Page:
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Mesh madness: The flattening of multicloud networking

Multiclouds are flattening from end to end. As we move into the coming decade, centralized and hub-and-spoke intercloud networking will decline in importance in enterprise architectures.

As data gravity pushes more cloud topologies toward the edge, Wikibon sees multiclouds evolving into radically distributed mesh architectures at the infrastructure, platform, and application levels. In fact, the more complex the enterprise multicloud, the more likely it is that it will be implemented as a service mesh that sprawls across disparate on-premises and public cloud environments.

Trends accelerating the flattening of multiclouds

As this trend picks up speed, multiclouds will flatten along several planes of cross-mesh distributed management:

  • Resource management: In future mesh multiclouds, there will be more even distribution of compute, storage and memory resources across all tiers, clusters and nodes, with more workloads parallelized to execute across increasingly powerful edge devices. This will require sophisticated resource management controls such as load balancing and fine-grained routing, rate limiting, flow control, protocol translation, authentication and authorization and monitoring and logging.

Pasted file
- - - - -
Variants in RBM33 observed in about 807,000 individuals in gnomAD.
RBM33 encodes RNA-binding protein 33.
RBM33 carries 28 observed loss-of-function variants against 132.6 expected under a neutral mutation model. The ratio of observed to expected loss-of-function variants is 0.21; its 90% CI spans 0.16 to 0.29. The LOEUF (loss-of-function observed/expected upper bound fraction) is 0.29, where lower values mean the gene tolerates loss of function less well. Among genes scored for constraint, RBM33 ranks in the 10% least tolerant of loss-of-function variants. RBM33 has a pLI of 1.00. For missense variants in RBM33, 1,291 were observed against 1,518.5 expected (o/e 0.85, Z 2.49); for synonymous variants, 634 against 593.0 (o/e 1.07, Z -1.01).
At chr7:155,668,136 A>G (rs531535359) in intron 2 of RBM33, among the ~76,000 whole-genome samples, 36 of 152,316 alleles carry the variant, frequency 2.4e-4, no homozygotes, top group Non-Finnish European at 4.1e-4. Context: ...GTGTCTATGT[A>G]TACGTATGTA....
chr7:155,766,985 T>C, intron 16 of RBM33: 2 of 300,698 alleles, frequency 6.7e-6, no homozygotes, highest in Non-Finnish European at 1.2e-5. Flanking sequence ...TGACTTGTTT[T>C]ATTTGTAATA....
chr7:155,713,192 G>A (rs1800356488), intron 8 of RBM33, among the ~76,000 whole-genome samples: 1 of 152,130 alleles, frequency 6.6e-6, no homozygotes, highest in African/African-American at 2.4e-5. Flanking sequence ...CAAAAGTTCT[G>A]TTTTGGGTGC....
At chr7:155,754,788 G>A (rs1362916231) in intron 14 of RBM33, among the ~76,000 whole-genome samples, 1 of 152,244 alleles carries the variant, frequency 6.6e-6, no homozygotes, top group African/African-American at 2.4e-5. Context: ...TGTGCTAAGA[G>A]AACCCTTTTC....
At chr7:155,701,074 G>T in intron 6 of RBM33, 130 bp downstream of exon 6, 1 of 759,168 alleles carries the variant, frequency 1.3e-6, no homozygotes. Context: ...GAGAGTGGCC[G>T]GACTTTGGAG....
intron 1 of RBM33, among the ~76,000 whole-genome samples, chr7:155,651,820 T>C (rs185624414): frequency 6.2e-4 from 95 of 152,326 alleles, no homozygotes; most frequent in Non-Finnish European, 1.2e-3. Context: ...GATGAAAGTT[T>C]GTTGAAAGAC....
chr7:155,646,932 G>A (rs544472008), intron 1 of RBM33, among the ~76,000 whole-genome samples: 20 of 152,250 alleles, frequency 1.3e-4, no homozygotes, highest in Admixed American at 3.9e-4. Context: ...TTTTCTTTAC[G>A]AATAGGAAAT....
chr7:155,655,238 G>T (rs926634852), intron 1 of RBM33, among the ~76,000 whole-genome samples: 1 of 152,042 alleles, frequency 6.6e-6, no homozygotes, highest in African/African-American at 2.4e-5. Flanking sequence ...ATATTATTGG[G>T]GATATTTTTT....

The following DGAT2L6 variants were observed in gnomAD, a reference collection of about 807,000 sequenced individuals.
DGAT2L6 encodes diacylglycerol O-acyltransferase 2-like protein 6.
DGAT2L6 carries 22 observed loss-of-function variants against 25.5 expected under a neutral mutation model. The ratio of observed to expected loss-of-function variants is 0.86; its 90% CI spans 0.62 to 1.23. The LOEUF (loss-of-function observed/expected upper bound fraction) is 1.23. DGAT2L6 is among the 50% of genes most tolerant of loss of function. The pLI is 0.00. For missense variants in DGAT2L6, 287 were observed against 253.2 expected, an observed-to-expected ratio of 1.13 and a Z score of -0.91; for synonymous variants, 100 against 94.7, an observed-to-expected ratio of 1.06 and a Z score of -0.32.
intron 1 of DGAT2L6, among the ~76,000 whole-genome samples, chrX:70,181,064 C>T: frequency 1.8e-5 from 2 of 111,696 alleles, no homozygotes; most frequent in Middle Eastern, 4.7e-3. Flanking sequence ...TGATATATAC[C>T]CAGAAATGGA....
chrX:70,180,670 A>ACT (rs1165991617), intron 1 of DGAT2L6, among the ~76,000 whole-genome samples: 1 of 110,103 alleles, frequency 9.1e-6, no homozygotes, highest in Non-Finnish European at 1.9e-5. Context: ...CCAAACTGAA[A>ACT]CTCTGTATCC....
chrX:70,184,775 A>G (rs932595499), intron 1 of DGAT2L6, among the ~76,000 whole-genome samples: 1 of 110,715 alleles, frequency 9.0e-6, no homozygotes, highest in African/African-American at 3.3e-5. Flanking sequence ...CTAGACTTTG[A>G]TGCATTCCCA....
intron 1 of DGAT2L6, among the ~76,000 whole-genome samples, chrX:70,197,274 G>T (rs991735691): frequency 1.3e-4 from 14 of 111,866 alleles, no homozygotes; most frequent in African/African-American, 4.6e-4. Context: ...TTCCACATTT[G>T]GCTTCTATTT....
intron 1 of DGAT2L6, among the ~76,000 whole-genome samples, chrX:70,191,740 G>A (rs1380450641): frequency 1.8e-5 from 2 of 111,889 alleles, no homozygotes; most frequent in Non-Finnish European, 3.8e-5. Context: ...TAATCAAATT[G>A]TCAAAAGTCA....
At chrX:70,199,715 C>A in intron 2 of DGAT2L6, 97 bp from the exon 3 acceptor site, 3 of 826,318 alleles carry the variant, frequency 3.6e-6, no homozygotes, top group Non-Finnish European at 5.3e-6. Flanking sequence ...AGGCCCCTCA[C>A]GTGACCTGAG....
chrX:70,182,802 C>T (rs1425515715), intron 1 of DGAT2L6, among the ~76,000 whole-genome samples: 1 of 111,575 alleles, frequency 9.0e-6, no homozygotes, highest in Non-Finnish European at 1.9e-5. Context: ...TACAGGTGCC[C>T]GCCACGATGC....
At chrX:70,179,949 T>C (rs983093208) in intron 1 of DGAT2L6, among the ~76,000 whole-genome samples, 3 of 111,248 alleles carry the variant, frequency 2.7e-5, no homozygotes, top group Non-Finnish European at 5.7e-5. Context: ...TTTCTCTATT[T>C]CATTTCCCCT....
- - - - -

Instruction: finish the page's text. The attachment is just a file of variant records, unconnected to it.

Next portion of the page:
• Workload management: As mesh architectures take hold, there will be more flexible movement, routing and control of workloads, with streaming, publish-and-subscribe and stateful continuous processing becoming the dominant approaches for handling real-time, low-latency, distributed workloads across the multicloud. This will require fine-grained control of microservices traffic behavior with rich routing rules, fault tolerance and fault injection, as well as automatic zone-aware load balancing and failover for diverse traffic types.
  • Interface management: In the mesh multicloud, development abstractions will deliver programmatic access to all routing, policy, security and other control-plane functionality. This will require distributed catalogs for managing APIs, service definitions, machine-learning models and metadata to facilitate discovery, delivery and management of application interfaces.